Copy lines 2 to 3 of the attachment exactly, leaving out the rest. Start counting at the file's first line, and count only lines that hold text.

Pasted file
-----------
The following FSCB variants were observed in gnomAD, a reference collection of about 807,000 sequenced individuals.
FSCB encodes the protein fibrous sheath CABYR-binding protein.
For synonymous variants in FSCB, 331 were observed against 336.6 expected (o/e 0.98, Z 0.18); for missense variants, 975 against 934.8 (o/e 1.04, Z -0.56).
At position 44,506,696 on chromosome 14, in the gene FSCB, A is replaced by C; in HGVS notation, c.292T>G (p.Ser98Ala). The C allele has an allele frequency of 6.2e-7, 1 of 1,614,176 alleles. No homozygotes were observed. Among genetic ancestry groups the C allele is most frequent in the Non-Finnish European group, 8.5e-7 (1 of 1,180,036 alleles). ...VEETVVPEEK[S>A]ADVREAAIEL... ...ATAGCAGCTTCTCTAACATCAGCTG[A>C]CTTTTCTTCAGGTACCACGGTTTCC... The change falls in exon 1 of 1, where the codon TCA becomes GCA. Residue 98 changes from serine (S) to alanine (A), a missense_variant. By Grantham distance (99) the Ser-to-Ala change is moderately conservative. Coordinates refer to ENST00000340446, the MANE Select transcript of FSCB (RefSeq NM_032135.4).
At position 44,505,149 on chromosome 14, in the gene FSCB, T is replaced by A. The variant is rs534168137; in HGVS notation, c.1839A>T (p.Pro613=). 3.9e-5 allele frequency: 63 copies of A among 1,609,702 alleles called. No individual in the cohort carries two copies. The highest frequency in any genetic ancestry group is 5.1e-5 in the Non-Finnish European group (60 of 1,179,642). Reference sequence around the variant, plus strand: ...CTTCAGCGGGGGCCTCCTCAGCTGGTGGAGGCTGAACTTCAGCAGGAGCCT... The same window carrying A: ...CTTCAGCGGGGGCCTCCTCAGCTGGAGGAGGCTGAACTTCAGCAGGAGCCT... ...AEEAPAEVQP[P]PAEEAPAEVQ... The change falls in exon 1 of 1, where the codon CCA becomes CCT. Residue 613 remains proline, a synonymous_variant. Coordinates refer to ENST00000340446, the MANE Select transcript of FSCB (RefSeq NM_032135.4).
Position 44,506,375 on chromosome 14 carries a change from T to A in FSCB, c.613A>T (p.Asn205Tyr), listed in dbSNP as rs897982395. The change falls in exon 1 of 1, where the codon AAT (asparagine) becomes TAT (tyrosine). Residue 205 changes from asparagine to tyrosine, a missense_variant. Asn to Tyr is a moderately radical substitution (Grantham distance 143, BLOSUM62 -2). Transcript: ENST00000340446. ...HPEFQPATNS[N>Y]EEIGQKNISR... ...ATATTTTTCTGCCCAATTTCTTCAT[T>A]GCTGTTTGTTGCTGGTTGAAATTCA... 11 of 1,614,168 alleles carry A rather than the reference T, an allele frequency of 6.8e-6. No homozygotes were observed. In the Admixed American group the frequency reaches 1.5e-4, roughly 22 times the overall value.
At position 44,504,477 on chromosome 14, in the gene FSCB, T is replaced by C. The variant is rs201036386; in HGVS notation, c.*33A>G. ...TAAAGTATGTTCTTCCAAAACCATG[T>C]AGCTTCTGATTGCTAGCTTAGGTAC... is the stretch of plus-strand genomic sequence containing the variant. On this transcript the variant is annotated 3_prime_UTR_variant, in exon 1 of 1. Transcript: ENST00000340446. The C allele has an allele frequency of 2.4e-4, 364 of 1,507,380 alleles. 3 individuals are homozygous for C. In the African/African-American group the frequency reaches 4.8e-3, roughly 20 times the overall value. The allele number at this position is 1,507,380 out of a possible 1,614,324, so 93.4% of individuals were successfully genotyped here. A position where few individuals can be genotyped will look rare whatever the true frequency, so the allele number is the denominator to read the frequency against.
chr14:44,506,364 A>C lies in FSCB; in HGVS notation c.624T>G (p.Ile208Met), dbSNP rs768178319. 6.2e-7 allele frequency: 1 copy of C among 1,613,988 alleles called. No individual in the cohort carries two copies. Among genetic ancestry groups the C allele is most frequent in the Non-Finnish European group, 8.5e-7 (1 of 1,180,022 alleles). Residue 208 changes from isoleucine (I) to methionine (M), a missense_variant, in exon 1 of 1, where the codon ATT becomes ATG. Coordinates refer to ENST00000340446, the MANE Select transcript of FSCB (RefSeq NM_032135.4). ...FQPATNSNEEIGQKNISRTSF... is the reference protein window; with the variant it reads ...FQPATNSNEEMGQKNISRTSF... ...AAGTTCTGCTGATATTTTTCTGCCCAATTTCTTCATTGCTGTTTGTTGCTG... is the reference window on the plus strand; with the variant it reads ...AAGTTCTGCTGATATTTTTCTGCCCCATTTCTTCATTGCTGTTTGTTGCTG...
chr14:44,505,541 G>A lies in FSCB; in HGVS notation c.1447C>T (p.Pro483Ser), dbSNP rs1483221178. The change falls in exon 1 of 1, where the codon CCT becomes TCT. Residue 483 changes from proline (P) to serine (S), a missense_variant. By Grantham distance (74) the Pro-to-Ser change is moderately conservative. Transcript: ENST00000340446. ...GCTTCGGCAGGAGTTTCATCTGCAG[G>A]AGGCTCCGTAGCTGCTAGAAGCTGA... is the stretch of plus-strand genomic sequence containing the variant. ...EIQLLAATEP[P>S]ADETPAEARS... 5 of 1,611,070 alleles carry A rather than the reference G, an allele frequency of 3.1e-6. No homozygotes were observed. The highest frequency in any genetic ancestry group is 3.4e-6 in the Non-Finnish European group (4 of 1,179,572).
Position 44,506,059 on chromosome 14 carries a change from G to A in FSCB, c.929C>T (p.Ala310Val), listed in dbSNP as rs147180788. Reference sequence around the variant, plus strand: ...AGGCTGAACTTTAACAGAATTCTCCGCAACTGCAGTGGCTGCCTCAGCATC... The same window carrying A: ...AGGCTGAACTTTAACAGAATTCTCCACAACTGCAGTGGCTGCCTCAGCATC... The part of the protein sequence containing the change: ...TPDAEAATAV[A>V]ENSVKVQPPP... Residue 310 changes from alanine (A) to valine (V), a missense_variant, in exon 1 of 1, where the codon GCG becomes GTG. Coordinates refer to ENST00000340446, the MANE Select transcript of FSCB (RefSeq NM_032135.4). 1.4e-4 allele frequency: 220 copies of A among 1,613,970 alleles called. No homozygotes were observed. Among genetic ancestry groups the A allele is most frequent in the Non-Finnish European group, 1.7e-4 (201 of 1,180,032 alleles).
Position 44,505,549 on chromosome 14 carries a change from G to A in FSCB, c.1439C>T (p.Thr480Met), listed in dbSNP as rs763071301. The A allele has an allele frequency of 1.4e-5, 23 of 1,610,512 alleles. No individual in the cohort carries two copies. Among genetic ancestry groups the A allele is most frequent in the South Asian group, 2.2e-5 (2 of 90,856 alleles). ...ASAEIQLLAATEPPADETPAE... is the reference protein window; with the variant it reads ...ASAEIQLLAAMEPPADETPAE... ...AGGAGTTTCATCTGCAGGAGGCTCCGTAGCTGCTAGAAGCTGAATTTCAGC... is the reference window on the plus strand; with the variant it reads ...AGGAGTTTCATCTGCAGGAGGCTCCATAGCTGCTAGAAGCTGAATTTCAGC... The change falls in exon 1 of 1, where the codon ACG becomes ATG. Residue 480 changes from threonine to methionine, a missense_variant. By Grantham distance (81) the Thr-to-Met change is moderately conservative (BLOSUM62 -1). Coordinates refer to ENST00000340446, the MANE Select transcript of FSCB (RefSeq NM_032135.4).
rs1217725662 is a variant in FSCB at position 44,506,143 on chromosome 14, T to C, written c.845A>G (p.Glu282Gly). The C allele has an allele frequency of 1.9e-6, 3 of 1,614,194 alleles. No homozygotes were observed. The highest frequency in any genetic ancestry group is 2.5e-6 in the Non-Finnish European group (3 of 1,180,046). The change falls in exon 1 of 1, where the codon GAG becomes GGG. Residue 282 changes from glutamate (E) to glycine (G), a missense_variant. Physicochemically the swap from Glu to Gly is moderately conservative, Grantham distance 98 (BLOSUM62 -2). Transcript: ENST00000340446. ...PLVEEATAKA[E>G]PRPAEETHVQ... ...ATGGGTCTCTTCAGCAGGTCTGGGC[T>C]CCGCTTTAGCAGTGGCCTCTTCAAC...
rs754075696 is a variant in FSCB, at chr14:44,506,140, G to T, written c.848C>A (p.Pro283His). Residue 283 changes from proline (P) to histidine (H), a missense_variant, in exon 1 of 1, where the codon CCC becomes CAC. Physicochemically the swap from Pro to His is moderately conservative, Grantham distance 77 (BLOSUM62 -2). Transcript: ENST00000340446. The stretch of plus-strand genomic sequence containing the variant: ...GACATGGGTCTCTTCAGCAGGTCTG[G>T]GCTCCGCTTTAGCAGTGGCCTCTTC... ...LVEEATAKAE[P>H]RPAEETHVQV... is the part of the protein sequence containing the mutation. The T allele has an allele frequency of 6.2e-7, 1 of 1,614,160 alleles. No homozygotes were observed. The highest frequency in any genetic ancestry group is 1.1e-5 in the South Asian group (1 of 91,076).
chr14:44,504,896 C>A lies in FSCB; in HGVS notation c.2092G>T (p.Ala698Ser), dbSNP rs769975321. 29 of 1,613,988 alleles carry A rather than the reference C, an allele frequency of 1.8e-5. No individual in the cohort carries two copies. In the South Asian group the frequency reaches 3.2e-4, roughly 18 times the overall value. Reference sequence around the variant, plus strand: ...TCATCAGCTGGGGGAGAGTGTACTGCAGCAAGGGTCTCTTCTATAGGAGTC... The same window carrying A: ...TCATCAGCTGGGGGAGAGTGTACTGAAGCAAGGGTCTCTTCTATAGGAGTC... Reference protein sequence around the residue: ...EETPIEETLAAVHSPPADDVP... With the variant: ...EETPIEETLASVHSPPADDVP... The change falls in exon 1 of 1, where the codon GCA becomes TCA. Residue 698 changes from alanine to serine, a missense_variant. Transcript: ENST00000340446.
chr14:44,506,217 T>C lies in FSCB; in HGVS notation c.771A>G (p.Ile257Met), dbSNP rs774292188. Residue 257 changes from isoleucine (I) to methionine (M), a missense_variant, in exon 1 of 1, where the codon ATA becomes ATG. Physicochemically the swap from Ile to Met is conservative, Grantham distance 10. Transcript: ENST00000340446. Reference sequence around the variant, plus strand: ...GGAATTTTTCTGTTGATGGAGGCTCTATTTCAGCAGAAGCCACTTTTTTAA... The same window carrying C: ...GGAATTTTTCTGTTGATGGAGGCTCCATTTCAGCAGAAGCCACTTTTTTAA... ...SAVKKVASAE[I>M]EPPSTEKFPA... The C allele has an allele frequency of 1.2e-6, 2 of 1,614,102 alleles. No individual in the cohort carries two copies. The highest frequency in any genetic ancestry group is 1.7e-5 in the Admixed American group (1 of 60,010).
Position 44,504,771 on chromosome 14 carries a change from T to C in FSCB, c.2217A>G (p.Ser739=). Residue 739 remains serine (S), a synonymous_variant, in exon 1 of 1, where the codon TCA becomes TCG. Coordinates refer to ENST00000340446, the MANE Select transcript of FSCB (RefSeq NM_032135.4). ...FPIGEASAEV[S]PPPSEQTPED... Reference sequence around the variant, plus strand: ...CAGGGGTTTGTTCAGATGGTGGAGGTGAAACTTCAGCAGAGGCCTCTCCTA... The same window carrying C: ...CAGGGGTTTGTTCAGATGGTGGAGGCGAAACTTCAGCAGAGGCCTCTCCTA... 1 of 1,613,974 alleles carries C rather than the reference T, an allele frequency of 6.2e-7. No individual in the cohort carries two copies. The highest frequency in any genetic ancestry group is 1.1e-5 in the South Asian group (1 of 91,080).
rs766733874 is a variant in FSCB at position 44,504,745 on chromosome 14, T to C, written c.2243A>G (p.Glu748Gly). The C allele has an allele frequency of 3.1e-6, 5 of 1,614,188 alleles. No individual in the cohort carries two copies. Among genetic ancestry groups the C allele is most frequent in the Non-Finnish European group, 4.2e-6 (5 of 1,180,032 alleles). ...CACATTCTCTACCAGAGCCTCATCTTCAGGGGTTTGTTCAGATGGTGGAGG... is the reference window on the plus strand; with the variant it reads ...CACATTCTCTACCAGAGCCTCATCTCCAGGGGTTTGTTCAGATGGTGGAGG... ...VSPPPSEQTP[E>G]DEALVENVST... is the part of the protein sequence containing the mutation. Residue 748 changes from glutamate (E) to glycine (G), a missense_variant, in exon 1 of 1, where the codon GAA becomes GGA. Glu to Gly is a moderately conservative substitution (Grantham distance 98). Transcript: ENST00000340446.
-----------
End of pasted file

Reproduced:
FSCB encodes the protein fibrous sheath CABYR-binding protein.
For synonymous variants in FSCB, 331 were observed against 336.6 expected (o/e 0.98, Z 0.18); for missense variants, 975 against 934.8 (o/e 1.04, Z -0.56).